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Mabel O. Wilson: Architecture’s Whiteness by Design Can Change

by Carolina A. Miranda | Mar 22, 2021

2016. That was the first time New York’s Museum of Modern Art acquired a work by a Black designer for its architecture and design collection. The object was a stereoscopic image viewer developed by Charles Harrison. And, yes, you read that correctly: MoMA, an institution whose architecture and design department goes back to 1932, didn’t acquire a single work by a Black architect or designer until the tail end of the Obama administration.

That omission, along with the ways the museum has engaged — and not engaged — the ideas of Black architects during its history, was the subject of an illuminating essay by architectural scholar and cultural historian Mabel O. Wilson in the hefty tome “Among Others: Blackness at MoMA,” published in 2019.

“Modern architecture builds the world for the white subject, maintaining the logics of racism while also imagining a future world in which nonwhite subjects remain exploitable and marginal,” Wilson wrote in that essay. “The power of the architecture and its archive is to produce ‘whiteness’ by design.”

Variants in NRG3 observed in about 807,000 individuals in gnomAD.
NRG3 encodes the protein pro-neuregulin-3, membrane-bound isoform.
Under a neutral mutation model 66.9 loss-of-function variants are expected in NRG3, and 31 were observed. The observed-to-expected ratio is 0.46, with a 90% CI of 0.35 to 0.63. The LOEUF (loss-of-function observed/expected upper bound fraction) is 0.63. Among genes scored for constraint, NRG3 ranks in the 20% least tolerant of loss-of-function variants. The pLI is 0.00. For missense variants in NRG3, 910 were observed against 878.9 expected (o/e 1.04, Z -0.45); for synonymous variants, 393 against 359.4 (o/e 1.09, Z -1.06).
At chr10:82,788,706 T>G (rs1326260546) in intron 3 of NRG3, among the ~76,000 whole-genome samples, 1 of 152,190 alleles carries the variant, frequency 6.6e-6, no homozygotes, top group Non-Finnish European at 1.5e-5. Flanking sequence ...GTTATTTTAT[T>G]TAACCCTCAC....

Now she has helped put together a MoMA exhibition that places Blackness at the heart of the show. “Reconstructions: Architecture and Blackness in America,” organized by Wilson in collaboration with architecture and design associate curator Sean Anderson, unearths the ways in which systemic racism has shaped architecture and how an unexamined whiteness has served as a default in the field.

Read full article with photos here.

Mabel O. Wilson joined SAH in 2012. She gave the Eduard F. Sekler Talk at the SAH 2020 Virtual Conference and will be inducted as a Fellow of SAH at the 2021 SAH Virtual Conference. She has also served on the Johnson Exhibition Catalogue Award Committee. 

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